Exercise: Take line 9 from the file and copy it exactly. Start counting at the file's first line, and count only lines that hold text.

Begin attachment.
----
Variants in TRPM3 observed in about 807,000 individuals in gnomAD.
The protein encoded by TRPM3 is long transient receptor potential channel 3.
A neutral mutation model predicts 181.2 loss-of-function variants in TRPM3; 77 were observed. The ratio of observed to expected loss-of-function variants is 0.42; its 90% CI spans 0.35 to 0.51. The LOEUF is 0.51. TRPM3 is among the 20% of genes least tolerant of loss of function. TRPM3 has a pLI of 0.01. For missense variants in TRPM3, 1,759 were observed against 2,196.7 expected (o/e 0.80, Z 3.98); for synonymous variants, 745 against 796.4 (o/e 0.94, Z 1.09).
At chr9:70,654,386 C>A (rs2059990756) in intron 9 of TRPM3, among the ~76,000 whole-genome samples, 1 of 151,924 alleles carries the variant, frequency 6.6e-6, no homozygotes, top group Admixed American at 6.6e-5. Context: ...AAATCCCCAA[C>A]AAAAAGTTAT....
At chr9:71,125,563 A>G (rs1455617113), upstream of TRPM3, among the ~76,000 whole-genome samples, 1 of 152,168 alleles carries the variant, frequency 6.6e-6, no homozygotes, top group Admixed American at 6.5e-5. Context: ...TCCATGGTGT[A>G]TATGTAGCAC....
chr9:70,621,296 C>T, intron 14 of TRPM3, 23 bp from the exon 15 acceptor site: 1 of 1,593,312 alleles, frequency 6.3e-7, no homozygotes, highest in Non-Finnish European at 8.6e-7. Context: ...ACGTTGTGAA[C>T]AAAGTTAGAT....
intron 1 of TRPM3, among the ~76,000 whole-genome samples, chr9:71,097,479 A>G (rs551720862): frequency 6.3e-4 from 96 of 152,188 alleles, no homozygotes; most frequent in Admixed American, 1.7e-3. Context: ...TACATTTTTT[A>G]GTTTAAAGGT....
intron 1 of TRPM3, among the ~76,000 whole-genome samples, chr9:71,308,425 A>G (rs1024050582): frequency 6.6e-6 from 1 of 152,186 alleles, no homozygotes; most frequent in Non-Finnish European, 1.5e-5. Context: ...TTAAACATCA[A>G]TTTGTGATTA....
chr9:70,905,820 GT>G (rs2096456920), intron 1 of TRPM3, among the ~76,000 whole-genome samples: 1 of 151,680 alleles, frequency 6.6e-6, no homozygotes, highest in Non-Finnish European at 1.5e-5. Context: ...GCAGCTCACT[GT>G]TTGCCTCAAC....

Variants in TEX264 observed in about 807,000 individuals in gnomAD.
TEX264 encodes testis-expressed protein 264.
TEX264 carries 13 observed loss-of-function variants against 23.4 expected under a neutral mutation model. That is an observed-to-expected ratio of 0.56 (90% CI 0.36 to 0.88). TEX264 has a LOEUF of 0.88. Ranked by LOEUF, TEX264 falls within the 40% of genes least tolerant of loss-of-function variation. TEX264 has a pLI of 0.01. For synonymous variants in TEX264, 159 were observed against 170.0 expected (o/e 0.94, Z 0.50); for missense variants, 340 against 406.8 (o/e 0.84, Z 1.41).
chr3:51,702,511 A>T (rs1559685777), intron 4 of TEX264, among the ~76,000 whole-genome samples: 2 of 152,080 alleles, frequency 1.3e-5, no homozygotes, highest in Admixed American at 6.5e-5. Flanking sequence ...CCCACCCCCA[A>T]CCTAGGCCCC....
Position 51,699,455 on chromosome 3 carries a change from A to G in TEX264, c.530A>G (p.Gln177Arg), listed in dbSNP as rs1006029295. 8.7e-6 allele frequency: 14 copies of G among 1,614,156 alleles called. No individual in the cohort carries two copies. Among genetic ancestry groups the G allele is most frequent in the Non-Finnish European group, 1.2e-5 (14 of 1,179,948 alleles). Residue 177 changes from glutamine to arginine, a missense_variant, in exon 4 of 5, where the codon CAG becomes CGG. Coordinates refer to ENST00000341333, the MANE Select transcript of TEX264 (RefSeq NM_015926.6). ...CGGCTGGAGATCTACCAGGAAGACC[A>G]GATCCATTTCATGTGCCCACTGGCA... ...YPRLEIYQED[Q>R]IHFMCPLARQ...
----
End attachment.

chr9:70,905,820 GT>G (rs2096456920), intron 1 of TRPM3, among the ~76,000 whole-genome samples: 1 of 151,680 alleles, frequency 6.6e-6, no homozygotes, highest in Non-Finnish European at 1.5e-5. Context: ...GCAGCTCACT[GT>G]TTGCCTCAAC....